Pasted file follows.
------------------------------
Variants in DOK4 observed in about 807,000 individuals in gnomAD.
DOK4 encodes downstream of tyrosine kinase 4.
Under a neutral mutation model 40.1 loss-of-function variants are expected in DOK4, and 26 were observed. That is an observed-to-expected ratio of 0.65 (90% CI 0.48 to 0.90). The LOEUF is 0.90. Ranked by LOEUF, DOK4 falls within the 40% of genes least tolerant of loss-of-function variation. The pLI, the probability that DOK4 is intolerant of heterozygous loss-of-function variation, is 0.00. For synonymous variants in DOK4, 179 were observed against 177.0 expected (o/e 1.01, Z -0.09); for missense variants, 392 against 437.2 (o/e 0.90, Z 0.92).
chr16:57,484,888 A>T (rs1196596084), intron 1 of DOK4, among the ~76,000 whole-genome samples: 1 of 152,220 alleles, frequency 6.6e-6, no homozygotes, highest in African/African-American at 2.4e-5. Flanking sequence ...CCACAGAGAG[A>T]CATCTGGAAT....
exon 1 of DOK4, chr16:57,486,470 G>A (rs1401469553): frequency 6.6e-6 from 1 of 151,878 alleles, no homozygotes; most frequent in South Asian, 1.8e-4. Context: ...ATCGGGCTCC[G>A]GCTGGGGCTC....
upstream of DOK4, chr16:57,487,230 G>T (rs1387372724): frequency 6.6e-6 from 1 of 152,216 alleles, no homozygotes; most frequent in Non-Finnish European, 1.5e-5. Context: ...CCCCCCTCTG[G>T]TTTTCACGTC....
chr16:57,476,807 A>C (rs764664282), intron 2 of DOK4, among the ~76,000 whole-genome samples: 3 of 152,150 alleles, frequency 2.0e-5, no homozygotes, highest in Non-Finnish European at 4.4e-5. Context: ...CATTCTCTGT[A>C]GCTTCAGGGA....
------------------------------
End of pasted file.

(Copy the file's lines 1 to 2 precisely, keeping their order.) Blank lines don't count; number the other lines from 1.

Variants in DOK4 observed in about 807,000 individuals in gnomAD.
DOK4 encodes downstream of tyrosine kinase 4.